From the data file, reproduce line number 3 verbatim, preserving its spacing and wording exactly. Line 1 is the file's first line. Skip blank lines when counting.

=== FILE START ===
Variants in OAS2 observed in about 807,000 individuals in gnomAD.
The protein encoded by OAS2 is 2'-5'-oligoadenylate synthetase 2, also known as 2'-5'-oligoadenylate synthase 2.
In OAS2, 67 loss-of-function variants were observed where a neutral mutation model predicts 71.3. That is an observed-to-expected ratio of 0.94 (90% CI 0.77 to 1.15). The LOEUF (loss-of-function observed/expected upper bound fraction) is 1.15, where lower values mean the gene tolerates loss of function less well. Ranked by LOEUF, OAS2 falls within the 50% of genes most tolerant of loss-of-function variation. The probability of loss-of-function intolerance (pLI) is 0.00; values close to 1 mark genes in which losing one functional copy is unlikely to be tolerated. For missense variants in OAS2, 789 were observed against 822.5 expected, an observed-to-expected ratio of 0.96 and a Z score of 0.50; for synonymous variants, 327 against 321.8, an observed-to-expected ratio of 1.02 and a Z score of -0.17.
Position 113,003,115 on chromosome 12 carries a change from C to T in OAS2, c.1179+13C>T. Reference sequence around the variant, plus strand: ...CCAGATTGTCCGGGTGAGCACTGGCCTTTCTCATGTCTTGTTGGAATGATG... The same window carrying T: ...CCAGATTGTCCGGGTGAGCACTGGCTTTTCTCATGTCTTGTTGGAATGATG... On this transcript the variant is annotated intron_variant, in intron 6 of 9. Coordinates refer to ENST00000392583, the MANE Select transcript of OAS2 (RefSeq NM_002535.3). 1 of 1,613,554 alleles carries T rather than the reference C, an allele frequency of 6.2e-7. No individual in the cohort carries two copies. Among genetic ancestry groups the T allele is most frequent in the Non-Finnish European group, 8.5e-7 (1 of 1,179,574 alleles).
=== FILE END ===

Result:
In OAS2, 67 loss-of-function variants were observed where a neutral mutation model predicts 71.3. That is an observed-to-expected ratio of 0.94 (90% CI 0.77 to 1.15). The LOEUF (loss-of-function observed/expected upper bound fraction) is 1.15, where lower values mean the gene tolerates loss of function less well. Ranked by LOEUF, OAS2 falls within the 50% of genes most tolerant of loss-of-function variation. The probability of loss-of-function intolerance (pLI) is 0.00; values close to 1 mark genes in which losing one functional copy is unlikely to be tolerated. For missense variants in OAS2, 789 were observed against 822.5 expected, an observed-to-expected ratio of 0.96 and a Z score of 0.50; for synonymous variants, 327 against 321.8, an observed-to-expected ratio of 1.02 and a Z score of -0.17.